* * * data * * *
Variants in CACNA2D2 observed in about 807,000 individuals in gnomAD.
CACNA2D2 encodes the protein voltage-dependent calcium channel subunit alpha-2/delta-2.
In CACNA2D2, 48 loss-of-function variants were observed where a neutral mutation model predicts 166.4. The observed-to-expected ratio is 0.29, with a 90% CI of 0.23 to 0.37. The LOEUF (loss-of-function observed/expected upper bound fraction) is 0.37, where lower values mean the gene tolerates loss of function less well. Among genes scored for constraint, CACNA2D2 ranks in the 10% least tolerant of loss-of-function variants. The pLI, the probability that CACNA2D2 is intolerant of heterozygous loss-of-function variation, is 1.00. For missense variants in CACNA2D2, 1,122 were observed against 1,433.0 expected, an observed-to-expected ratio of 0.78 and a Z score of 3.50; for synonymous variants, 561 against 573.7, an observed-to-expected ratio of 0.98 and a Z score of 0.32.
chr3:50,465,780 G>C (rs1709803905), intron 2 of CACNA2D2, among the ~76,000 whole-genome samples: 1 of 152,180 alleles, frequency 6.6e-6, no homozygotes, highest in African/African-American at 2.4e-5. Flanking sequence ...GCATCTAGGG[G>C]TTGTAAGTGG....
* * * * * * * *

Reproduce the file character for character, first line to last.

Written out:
Variants in CACNA2D2 observed in about 807,000 individuals in gnomAD.
CACNA2D2 encodes the protein voltage-dependent calcium channel subunit alpha-2/delta-2.
In CACNA2D2, 48 loss-of-function variants were observed where a neutral mutation model predicts 166.4. The observed-to-expected ratio is 0.29, with a 90% CI of 0.23 to 0.37. The LOEUF (loss-of-function observed/expected upper bound fraction) is 0.37, where lower values mean the gene tolerates loss of function less well. Among genes scored for constraint, CACNA2D2 ranks in the 10% least tolerant of loss-of-function variants. The pLI, the probability that CACNA2D2 is intolerant of heterozygous loss-of-function variation, is 1.00. For missense variants in CACNA2D2, 1,122 were observed against 1,433.0 expected, an observed-to-expected ratio of 0.78 and a Z score of 3.50; for synonymous variants, 561 against 573.7, an observed-to-expected ratio of 0.98 and a Z score of 0.32.
chr3:50,465,780 G>C (rs1709803905), intron 2 of CACNA2D2, among the ~76,000 whole-genome samples: 1 of 152,180 alleles, frequency 6.6e-6, no homozygotes, highest in African/African-American at 2.4e-5. Flanking sequence ...GCATCTAGGG[G>C]TTGTAAGTGG....